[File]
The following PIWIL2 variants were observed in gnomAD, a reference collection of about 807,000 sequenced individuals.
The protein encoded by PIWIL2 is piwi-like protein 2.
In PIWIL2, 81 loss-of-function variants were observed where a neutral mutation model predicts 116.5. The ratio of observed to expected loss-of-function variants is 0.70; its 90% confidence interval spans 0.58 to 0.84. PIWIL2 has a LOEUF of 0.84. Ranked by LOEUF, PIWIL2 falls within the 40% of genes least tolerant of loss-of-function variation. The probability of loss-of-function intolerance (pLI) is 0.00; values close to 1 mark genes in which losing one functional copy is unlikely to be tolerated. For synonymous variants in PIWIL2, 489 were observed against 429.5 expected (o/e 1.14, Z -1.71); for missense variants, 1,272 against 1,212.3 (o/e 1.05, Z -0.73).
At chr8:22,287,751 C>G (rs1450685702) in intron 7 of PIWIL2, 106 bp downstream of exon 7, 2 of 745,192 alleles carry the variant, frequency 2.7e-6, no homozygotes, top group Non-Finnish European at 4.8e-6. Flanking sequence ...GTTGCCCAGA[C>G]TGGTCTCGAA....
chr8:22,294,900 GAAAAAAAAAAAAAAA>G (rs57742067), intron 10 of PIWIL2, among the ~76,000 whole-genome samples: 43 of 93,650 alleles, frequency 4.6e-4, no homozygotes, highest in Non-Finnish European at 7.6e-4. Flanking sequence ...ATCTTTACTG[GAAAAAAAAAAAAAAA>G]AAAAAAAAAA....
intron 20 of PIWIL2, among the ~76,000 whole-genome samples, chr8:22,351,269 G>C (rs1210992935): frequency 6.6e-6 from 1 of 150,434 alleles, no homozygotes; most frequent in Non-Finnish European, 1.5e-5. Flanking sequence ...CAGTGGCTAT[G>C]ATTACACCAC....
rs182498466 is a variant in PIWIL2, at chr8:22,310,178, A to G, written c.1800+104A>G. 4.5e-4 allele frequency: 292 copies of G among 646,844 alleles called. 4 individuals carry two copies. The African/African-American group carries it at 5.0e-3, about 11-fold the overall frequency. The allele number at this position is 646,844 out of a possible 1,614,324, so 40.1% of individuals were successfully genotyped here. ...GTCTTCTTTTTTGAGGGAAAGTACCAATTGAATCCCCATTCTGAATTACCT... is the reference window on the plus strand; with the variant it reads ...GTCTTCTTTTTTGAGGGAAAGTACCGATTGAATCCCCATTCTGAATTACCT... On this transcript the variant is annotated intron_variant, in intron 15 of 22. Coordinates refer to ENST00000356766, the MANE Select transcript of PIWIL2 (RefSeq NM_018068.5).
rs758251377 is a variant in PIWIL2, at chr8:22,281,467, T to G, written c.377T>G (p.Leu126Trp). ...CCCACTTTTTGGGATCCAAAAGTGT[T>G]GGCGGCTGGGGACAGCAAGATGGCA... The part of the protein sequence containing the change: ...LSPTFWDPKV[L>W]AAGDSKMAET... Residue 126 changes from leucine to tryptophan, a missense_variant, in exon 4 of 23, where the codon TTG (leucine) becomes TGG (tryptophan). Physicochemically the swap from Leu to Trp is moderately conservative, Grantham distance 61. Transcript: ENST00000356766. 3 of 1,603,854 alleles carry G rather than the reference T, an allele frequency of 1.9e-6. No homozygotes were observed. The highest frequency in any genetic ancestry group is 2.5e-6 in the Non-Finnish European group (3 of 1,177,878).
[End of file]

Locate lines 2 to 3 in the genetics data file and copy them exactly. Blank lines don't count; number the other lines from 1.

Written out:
The protein encoded by PIWIL2 is piwi-like protein 2.
In PIWIL2, 81 loss-of-function variants were observed where a neutral mutation model predicts 116.5. The ratio of observed to expected loss-of-function variants is 0.70; its 90% confidence interval spans 0.58 to 0.84. PIWIL2 has a LOEUF of 0.84. Ranked by LOEUF, PIWIL2 falls within the 40% of genes least tolerant of loss-of-function variation. The probability of loss-of-function intolerance (pLI) is 0.00; values close to 1 mark genes in which losing one functional copy is unlikely to be tolerated. For synonymous variants in PIWIL2, 489 were observed against 429.5 expected (o/e 1.14, Z -1.71); for missense variants, 1,272 against 1,212.3 (o/e 1.05, Z -0.73).